Reminder: you can right click the video the alter the playback speed:
- (0:00) Novosad’s inexperience shows here in his first college game. The Portland State defensive end crashes in toward running back #27 Jayden Limar, so the proper read is to pull the ball and throw it to #18 Kenyon Sadiq who is about to run past the linebacker assigned to cover him. Fortunately, the crashing end gets confused in the backfield and Limar makes the first down off of the double team of #70 Pickard and #52 Iuli.
- (0:11) The timing here is thrown off a bit by an errant snap, but Novosad needs to came off of his first read to see #17 Kyler Kasper wide open due to a coverage bust. Failing that, he could still try to throw this ball at Sadiq’s outside shoulder to shield him from the defender waiting in zone coverage.
- (0:18) Novosad cannot generate enough power on the run to complete this pass to an open receiver. There is a defender pursuing him, but enough time to get his feet underneath him to make the throw before he gets hit.
- (0:28) This play shows what Novosad can do with his feet underneath him. He calmly waits for his receiver to come open, then releases an accurate throw down the middle to #86 Darrian Anderson. Also note the effective pass blocking by center #70 Pickard and #73 Rogers at right tackle. There is a bit of a mix up in protection when #27 Limar starts to leak out as a receiver rather than picking up late pressure.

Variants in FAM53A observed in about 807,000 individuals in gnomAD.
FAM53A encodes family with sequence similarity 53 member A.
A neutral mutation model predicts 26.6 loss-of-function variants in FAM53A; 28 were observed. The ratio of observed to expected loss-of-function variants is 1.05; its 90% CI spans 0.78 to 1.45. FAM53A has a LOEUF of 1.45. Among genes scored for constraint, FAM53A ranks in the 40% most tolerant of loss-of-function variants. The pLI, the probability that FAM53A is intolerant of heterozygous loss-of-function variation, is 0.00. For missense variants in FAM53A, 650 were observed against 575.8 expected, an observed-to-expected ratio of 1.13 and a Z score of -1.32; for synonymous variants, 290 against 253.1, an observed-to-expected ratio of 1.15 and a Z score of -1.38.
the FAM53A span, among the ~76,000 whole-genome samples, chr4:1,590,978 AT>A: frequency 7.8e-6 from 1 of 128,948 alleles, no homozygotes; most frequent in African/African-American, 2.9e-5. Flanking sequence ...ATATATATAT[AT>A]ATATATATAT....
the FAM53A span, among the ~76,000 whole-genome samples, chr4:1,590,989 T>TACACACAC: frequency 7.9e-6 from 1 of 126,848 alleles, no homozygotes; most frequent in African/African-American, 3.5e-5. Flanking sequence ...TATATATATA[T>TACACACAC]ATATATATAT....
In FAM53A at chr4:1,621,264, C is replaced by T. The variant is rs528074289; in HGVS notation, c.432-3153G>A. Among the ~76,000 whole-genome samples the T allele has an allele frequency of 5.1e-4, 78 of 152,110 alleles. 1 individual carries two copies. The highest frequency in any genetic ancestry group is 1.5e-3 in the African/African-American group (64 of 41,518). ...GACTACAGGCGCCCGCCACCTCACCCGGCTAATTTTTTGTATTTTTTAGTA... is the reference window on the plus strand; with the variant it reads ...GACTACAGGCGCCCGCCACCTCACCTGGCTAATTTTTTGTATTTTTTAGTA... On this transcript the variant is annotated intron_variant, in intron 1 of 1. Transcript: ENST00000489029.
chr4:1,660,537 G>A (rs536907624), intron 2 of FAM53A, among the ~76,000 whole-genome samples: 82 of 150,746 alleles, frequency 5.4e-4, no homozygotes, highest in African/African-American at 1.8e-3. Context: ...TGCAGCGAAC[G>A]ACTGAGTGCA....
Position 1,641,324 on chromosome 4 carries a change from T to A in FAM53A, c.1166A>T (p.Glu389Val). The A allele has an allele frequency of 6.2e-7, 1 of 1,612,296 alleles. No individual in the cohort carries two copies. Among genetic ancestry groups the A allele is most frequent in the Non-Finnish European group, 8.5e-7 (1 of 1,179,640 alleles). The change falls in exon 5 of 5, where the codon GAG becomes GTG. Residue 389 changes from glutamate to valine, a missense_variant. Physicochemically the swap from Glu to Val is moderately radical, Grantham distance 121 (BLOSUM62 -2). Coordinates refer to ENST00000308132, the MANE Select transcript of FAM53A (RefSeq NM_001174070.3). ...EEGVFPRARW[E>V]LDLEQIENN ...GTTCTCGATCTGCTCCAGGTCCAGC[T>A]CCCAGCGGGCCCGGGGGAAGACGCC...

The Ducks had two young running backs who rotated into games during garbage time: #27 Jayden Limar and #24 Dante Dowdell. Dowdell has since transferred to Nebraska, meaning Limar is the only returning player to compete with incoming freshman Da’Juan Riggs and transfer Jay Harris for playing time. Based on his film from last season, I think Limar will see the field during meaningful play behind Jordan James and Noah Whittington this fall. Here are some reasons why:
- (0:00) This counter play works perfectly as all three linebackers flow away from the strong side where #17 Kenyon Sadiq has gotten inside the defensive end. Limar shows off his balance and acceleration as he cuts back through the hole. Note also the solid run blocking by the line, especially #52 Iuli, #70 Pickard, and at right tackle #78 Wilson